they are being put into a tank with other fish, be sure to
feed the other fish well so that they will be less likely to
nip or bother the new tankmates. When one fish meets
another, it has only 3 concerns- Will you eat me, do I want to
eat you, and/or can we mate with one another?
Feeding everyone well removes two of those options. If you take
this opportunity to give them some BBS before
being released, but be sure to release them after no more than
an hour, for the BBS will foul the small amount of
water they are in and possibly kill the fish if left for too long.
Then slowly let them go into the tank, keeping the
light off, a cover on
the tank (fish will be less likely to jump out later,
once acclimated.) Once they settle, introduce the light and
lightly feed some dry food. If quarantining them in a transition
tank, keep them in that tank one week,
then, assuming water
conditions are the same where they are going, float them
about 10 minutes to ensure the
temperatures are equal
before letting them go into their new home.
"New tank syndrome" - What it is
and how to avoid it:
emit wastes through both digestion and respiration, far more
than what can be seen by looking at the tank. In an
established aquarium, bacteria that have built up over time
process that waste, and as long as waste is not produced
faster than the bacteria can digest it, the tank stays stable.
By stable I mean that toxic substances (such as ammonia,
nitrites, nitrates) do not accumulate. Those substances, when
allowed to develop and build up, will quickly kill fish.
"New tank syndrome" is simply a fresh
body of water being inundated with wastes it doesn't yet have
the bacteria to
amounts of toxic substances accumulate during normal biological
activity, and the fish die. The
average time for a tank to "crash" is understood to
be15 days. But there are a number of solutions-
The best solution is to start a new tank with water from an
established tank, filling the new tank at least 10% with the
seasoned aquarium water. Add dechlorinated tap water and you
are ready to go. The next best option is-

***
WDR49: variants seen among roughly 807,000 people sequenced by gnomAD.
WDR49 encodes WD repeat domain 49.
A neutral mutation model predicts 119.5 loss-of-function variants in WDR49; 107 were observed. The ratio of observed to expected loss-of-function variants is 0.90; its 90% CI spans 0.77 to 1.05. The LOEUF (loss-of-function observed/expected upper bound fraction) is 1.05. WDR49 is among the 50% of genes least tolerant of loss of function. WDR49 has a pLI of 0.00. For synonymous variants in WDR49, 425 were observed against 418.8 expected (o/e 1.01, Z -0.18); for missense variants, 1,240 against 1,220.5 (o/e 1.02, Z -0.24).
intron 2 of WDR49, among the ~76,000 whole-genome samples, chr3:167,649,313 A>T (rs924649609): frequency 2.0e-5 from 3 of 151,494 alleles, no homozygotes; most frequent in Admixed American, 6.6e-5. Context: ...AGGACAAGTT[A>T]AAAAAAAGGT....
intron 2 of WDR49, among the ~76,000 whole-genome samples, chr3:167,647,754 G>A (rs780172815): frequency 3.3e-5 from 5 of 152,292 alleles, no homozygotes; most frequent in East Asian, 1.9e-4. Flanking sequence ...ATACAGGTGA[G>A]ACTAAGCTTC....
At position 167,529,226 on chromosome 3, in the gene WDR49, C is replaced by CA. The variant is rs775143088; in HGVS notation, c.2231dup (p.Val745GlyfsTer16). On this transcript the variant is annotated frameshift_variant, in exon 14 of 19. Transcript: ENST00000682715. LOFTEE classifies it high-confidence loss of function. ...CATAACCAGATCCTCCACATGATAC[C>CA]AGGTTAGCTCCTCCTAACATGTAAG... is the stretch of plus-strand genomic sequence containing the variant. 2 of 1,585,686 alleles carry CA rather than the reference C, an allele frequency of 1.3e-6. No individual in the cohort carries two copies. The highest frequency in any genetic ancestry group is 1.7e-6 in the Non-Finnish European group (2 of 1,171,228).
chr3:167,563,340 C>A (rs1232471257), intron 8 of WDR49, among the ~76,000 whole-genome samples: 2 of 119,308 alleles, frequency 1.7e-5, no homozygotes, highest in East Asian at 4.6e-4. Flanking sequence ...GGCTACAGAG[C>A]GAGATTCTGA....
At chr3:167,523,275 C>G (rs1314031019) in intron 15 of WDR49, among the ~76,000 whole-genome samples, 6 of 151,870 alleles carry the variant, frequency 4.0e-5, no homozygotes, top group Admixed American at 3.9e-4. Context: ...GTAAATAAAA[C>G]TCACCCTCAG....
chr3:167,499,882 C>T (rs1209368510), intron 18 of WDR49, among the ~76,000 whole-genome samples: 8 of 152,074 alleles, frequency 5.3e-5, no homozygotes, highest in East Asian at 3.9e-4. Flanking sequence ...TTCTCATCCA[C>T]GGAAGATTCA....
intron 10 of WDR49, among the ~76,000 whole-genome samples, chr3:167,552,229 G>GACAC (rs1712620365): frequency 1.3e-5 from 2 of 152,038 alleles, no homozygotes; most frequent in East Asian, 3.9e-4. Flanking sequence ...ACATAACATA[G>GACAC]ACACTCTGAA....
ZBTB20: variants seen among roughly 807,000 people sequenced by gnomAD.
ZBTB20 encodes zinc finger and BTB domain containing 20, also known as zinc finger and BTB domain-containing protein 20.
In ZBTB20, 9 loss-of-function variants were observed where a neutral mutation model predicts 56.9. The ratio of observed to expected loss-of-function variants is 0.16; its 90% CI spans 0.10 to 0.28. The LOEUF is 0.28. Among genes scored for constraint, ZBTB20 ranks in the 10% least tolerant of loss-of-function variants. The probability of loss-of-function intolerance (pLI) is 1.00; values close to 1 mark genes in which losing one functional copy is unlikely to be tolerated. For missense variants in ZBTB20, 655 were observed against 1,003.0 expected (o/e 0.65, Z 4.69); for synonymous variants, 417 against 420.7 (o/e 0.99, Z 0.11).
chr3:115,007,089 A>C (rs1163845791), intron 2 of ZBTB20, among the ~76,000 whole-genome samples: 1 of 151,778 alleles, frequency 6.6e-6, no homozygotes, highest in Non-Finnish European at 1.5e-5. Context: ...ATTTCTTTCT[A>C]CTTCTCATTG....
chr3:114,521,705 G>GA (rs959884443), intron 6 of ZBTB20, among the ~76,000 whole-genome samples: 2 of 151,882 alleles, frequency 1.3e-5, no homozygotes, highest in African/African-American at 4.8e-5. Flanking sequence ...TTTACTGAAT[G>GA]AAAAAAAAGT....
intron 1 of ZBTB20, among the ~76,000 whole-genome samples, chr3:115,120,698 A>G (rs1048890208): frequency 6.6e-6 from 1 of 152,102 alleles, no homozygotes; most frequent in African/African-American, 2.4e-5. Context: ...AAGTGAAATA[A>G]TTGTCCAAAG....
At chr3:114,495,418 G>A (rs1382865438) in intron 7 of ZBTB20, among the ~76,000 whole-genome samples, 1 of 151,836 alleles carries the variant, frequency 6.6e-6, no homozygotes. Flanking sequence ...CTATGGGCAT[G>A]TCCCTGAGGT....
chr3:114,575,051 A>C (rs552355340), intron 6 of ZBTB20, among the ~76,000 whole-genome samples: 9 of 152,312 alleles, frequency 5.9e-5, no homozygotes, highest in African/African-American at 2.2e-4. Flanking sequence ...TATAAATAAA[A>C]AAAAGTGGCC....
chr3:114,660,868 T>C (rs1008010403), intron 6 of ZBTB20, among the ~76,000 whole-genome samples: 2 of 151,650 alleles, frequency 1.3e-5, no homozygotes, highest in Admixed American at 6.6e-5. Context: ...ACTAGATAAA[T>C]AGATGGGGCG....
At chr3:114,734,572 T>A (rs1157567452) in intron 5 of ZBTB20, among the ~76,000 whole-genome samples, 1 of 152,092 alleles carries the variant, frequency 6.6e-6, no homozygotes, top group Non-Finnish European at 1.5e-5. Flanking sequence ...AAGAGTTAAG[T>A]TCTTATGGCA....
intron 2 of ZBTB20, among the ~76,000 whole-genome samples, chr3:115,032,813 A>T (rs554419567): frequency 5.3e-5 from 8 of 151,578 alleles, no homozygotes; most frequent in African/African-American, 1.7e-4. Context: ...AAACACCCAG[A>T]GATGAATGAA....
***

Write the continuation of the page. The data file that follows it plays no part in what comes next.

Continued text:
- Get water from a
disease free established
tank at a friend's or from the local fish store. Anyone keeping
successfully must do regular
water changes, so water
should be always available.
next solution works well, without the need to get
water from anywhere else. Before adding the fish, fill
with dechlorinated water and a
light sprinkling of dry food, and if possible, have it sit for
awhile- a few days- with the
filter or an airstone going. When
everything is ready for the fish (the water is totally clear,
filter is added, heater,
go ahead and put them in, and feed
fairly lightly the first few days.
Now here's the important part. Take out and replace about 20% of
the water every 3 days for the first 2 weeks. This
allows the bacteria to develop over those first 2 weeks while
preventing a buildup that will adversely affect the fish. If the
tank ever becomes cloudy, change 10-20%
at those times as well. At about 3 weeks you can then go to a
once a week water changing
schedule. Never get into the habit of simply adding water to a
tank simply to replace water
evaporated. By doing so you are actually concentrating toxins in
the water that need to be removed.
If a fish arrives DOA:
This happens rarely, and I will make
every effort to ensure that your fish arrive healthy. If a fish
does arrive that
has died in transit,
please email me immediately at
email@example.com or call
or text me at (303) 204-8662.If
observe something that could have improved the shipment process,
please let me know. I guarantee live delivery
on overnight shipping by including an extra individual or two on
all shipments and/or by replacing the fish at no
charge that died in transit. (Does not include shipping).